Italian court will consider Amanda Knox case for third time
Legal experts agree that it is unlikely that Italy would seek extradition until there is a final verdict. Still, Markus Witig, a trial lawyer in Milan with expertise in extraditions, said Italy could — but probably would not — seek immediate extradition on grounds of urgency, which could include the risk a defendant would disappear.
Dershowitz believes double jeopardy would not be an issue because Knox's acquittal was not a final judgment. He also doubts that the United States would want to set a precedent by refusing to extradite her if she is convicted, given that the United States makes frequent extradition requests for defendants sought by U.S. courts.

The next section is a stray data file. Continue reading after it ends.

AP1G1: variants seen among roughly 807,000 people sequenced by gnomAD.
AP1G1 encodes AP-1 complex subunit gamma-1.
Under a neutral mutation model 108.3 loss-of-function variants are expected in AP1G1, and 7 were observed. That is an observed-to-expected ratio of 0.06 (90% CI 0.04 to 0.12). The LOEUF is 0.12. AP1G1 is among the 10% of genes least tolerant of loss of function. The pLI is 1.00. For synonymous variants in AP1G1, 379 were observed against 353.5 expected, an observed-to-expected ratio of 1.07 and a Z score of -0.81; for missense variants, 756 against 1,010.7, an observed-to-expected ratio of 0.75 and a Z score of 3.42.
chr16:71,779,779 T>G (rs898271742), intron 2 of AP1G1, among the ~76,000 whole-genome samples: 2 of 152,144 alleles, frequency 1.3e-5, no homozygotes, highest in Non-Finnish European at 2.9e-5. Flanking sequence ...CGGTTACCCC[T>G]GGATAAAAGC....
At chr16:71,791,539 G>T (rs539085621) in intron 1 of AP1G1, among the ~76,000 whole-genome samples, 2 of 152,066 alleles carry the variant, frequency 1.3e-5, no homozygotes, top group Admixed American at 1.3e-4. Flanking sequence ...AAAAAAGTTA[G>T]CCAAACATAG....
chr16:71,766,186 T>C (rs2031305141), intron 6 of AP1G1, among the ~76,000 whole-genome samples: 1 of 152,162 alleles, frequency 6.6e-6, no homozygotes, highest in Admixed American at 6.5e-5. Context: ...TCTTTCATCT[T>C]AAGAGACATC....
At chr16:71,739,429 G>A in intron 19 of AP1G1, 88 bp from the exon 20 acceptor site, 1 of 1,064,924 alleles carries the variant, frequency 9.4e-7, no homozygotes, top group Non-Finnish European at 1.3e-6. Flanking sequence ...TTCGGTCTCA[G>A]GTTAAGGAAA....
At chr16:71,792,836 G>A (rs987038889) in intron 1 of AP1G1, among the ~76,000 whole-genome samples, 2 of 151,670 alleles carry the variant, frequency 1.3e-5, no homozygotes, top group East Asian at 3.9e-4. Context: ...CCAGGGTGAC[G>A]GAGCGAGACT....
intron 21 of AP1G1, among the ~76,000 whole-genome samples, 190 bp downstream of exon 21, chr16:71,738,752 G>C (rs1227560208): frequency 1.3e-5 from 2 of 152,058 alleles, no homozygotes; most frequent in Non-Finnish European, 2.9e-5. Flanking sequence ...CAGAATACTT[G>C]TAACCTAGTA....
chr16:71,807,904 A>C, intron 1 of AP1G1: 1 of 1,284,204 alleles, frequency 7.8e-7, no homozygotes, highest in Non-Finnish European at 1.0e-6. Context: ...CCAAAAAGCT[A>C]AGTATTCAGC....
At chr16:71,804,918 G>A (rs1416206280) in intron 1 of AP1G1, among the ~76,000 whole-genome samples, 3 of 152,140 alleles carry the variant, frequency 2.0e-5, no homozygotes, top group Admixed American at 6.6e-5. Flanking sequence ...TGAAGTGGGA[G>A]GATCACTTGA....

"The easiest thing for the court to do is acquit. It probably ends it there. If it is a conviction, it is just the beginning of what would be a very lengthy and difficult process," Dershowitz said.
Kercher's family, which has a legal team aiding the prosecution, remains persuaded that Knox and Sollecito were responsible for Kercher's death along with Guede, an Ivory Coast native and small-time drug dealer, who is serving a 16-year sentence. Kercher's sister Stephanie and perhaps one of her brothers is expected to attend the verdict, said Francesco Maresca, one of the family's lawyers.
''This trial is a tragedy for everyone," said Vieri Fabiani, one of the lawyers representing Kercher's family. ''For these kids, for the poor girl who isn't here anymore. And for those who went beyond what could have been their intent."